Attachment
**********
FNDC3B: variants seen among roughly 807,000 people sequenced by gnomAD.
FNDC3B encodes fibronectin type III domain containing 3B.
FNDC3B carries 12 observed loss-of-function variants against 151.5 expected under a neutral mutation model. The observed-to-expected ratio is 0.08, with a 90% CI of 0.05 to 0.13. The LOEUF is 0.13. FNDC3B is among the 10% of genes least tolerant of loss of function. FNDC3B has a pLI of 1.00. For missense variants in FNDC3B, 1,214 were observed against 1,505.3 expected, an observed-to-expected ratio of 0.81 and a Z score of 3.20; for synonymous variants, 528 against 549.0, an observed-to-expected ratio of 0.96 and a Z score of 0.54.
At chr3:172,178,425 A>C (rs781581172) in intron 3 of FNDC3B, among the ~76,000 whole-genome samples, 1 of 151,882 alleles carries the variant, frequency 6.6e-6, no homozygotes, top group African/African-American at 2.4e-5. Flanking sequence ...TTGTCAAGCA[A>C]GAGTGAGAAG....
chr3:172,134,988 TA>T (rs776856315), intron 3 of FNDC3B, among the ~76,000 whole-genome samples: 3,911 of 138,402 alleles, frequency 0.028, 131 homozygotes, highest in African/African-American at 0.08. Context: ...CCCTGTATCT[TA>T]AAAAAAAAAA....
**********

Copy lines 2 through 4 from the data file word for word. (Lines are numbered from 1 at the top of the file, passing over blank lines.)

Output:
FNDC3B encodes fibronectin type III domain containing 3B.
FNDC3B carries 12 observed loss-of-function variants against 151.5 expected under a neutral mutation model. The observed-to-expected ratio is 0.08, with a 90% CI of 0.05 to 0.13. The LOEUF is 0.13. FNDC3B is among the 10% of genes least tolerant of loss of function. FNDC3B has a pLI of 1.00. For missense variants in FNDC3B, 1,214 were observed against 1,505.3 expected, an observed-to-expected ratio of 0.81 and a Z score of 3.20; for synonymous variants, 528 against 549.0, an observed-to-expected ratio of 0.96 and a Z score of 0.54.
At chr3:172,178,425 A>C (rs781581172) in intron 3 of FNDC3B, among the ~76,000 whole-genome samples, 1 of 151,882 alleles carries the variant, frequency 6.6e-6, no homozygotes, top group African/African-American at 2.4e-5. Flanking sequence ...TTGTCAAGCA[A>C]GAGTGAGAAG....